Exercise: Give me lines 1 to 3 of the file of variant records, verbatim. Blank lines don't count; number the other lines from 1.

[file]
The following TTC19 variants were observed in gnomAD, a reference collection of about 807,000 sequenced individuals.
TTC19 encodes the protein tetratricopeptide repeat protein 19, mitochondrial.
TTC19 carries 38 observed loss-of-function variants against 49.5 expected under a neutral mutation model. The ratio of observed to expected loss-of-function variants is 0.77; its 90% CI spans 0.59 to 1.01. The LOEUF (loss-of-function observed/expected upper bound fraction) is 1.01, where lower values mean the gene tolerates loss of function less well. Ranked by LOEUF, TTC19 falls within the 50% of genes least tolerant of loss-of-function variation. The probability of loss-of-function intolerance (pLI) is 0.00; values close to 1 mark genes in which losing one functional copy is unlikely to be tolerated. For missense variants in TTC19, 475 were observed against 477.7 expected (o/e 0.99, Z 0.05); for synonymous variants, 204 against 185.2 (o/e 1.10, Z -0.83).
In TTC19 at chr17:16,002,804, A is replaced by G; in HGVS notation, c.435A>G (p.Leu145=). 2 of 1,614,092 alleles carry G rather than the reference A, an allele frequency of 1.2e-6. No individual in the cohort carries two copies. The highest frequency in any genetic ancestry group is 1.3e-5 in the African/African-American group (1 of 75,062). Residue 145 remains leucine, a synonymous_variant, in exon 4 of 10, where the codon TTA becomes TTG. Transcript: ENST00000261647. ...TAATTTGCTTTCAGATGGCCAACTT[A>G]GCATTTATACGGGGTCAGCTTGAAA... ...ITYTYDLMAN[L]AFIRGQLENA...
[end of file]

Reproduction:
The following TTC19 variants were observed in gnomAD, a reference collection of about 807,000 sequenced individuals.
TTC19 encodes the protein tetratricopeptide repeat protein 19, mitochondrial.
TTC19 carries 38 observed loss-of-function variants against 49.5 expected under a neutral mutation model. The ratio of observed to expected loss-of-function variants is 0.77; its 90% CI spans 0.59 to 1.01. The LOEUF (loss-of-function observed/expected upper bound fraction) is 1.01, where lower values mean the gene tolerates loss of function less well. Ranked by LOEUF, TTC19 falls within the 50% of genes least tolerant of loss-of-function variation. The probability of loss-of-function intolerance (pLI) is 0.00; values close to 1 mark genes in which losing one functional copy is unlikely to be tolerated. For missense variants in TTC19, 475 were observed against 477.7 expected (o/e 0.99, Z 0.05); for synonymous variants, 204 against 185.2 (o/e 1.10, Z -0.83).